"I wanted us to step on their throats," said Brett, who spent his entire Hall of Fame playing career in Kansas City, "and we did."
The home team had four innings in which it scored more than one run, tallying 17 of the game's last 18 runs. The U.S. Team's nine-run sixth inning equaled the most runs scored by either team in any full game in the history of the Futures Game.
A team supposedly defined by a dominant pitching staff instead won by bashing the ball all over the park. It lived up to its manager's insistence on a ferocious competitive approach, a desire to "embarrass" the opponent, as Brett said.
"It was not, 'Are you going to win,'" said U.S. shortstop Billy Hamilton. "It was, 'You'd better win.' He pumped everybody up."
Futures Game Most Valuable Player Nick Castellanos' massive three-run homer to center field capped the nine-run sixth inning that put the game out of reach. Jonathan Singleton had three hits, and 13 U.S. players had at least one run or RBI (or both).
"I remember saying to myself, 'That's huge. That's awesome,'" Castellanos said. "It was a great at-bat. The pitcher pitched me really well. I worked a 3-2 count and he left I think a two-seamer that got in. And I was able to get the good part of the bat to it, and it got enough to get out. That at-bat's definitely up there with the greatest at-bats I've had in pro ball."
Hometown hero Wil Myers, the Royals' top offensive prospect, had two hits and three RBIs. Myers, who could well make it to Kansas City in the second half of this season, received the loudest cheers of any prospect.
"It was definitely cool to be out there in front of the home crowd," Myers said. "I saw the ball well. The hitters' eye is great here. The ball looks huge coming in. I was able to get some good pitches over the plate and I was lucky to take advantage of them."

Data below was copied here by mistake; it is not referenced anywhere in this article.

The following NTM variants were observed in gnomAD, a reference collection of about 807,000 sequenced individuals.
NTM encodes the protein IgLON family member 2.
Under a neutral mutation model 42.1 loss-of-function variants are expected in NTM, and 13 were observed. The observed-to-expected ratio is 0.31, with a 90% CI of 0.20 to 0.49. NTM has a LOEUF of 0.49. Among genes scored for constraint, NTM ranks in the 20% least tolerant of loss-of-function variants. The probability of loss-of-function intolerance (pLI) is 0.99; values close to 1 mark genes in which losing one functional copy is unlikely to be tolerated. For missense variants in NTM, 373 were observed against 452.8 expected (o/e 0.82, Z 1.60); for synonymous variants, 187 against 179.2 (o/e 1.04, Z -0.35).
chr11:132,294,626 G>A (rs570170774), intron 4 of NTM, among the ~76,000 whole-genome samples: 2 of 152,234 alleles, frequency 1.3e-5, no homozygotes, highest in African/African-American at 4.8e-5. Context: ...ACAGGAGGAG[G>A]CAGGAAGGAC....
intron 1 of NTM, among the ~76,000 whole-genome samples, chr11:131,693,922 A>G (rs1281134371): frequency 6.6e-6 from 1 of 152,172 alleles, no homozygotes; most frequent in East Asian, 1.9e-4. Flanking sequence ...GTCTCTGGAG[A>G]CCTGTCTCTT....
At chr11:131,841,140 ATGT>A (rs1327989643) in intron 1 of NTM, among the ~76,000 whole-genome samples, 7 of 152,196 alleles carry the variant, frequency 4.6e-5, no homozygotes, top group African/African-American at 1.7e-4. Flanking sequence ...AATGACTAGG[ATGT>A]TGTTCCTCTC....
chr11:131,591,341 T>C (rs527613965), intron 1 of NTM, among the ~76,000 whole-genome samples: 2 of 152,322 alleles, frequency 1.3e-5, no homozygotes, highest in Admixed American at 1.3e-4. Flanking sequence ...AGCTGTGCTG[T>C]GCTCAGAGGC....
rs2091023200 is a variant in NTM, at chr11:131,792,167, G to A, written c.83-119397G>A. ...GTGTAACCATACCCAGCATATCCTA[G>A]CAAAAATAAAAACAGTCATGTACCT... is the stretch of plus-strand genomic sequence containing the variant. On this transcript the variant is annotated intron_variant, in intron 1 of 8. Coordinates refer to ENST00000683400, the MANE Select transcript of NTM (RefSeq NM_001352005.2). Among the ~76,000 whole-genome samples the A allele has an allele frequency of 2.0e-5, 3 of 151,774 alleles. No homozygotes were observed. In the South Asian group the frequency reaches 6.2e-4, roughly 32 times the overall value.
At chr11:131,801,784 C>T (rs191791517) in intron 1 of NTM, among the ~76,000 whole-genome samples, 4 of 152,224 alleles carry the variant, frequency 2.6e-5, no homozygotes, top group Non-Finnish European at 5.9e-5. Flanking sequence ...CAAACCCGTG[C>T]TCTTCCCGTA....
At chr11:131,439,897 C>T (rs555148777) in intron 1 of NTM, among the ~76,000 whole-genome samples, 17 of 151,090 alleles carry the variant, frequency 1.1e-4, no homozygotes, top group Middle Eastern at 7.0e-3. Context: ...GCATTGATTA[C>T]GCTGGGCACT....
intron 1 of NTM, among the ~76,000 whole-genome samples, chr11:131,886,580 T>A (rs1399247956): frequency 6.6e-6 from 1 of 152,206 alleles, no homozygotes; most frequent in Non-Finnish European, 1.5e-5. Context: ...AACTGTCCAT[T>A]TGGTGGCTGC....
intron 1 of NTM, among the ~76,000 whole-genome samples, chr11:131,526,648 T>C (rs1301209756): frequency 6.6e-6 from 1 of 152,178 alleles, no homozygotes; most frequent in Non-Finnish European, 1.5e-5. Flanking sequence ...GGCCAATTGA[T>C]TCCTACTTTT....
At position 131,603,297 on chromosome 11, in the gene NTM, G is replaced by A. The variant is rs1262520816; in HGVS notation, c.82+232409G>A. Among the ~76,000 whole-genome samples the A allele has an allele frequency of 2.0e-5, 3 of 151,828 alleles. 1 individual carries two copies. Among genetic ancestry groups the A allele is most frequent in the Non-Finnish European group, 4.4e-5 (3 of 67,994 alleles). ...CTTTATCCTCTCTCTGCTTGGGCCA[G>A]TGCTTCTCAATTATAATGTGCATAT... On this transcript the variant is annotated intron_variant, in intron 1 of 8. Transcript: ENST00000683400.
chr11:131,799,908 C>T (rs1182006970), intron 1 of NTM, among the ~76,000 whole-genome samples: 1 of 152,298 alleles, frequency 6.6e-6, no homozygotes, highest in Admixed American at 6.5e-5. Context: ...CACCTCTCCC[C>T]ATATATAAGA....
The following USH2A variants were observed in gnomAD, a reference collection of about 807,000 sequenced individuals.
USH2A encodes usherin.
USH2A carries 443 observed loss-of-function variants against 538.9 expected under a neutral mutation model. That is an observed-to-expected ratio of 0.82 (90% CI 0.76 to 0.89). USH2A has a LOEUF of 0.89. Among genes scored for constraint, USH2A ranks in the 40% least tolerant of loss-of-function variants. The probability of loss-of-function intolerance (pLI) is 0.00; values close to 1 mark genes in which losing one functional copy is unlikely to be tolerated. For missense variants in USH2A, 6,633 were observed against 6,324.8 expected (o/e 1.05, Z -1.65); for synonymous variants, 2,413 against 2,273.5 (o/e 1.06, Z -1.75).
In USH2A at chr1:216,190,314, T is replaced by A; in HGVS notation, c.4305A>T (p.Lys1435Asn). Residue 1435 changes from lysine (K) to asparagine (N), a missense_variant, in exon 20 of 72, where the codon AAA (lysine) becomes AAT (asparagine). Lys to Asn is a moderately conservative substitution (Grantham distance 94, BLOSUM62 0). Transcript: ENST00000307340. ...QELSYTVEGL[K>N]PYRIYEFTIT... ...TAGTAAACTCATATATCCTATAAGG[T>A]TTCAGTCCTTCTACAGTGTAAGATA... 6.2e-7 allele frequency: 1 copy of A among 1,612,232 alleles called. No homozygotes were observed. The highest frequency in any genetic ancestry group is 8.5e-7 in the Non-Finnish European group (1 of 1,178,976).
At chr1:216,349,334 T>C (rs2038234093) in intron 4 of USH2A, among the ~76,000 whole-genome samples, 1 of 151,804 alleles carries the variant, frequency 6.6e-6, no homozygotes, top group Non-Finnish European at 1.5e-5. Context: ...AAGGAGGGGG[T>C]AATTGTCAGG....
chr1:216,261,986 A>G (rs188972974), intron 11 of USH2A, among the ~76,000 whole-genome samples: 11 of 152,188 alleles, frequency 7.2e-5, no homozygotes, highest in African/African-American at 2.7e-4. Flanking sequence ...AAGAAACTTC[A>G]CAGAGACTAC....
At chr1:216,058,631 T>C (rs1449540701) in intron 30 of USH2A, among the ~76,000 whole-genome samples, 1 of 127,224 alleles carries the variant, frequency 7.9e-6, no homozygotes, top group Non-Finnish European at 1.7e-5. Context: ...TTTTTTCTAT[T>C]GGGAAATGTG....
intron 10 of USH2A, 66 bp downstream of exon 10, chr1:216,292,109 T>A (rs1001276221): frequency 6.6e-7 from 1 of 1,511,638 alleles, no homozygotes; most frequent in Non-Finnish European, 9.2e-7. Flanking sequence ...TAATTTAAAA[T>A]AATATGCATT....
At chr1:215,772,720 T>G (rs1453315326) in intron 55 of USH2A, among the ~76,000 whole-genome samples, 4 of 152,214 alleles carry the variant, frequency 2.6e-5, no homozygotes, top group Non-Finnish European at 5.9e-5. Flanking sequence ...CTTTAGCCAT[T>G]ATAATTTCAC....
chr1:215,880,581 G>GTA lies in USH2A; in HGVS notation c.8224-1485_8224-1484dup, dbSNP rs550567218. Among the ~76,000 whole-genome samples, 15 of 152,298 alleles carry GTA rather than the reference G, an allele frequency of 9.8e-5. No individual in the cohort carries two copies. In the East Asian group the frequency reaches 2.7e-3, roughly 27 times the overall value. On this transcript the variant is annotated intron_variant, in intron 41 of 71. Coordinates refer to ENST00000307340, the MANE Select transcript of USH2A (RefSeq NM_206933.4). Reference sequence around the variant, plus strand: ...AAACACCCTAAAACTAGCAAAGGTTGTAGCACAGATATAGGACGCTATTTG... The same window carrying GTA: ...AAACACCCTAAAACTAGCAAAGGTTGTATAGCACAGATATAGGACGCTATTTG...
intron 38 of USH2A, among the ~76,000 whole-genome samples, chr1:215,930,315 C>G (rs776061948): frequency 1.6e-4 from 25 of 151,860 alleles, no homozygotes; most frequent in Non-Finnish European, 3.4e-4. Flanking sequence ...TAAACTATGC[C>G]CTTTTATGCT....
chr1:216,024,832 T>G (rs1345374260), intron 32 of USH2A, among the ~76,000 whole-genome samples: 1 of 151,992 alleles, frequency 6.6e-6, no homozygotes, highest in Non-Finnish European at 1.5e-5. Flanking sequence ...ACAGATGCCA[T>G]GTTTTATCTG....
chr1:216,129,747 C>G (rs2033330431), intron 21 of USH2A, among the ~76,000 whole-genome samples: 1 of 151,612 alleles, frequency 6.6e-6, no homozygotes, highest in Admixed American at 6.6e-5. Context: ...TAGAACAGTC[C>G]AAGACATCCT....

The U.S. squad rapped 17 hits, seven of them for extra bases. After a few early hiccups, meanwhile, six of the final seven U.S. pitchers to take the mound did not allow a run. The pitching staff, featuring top prospects such as Dylan Bundy, Jameson Taillon, Taijuan Walker and Gerrit Cole, was believed to be the strength of the U.S. Team before the game.
Instead, the World Team jumped ahead on some of those vaunted hurlers, 4-0 -- and had a chance to add even more. But Anthony Gose's outstanding third-inning catch turned out to be a pivotal play, short-circuiting a potential big inning and keeping the U.S. close enough to come back.
Gose's snare of Oscar Taveras' liner to right-center prevented the third inning from getting out of hand against Danny Hultzen. The Americans tied it up in the bottom of the third, took the lead in the fourth and steamed to their eighth win in 14 editions of the Futures Game.
"The catch obviously changed the game, because we came right back and scored the four runs," Myers said. "That was big."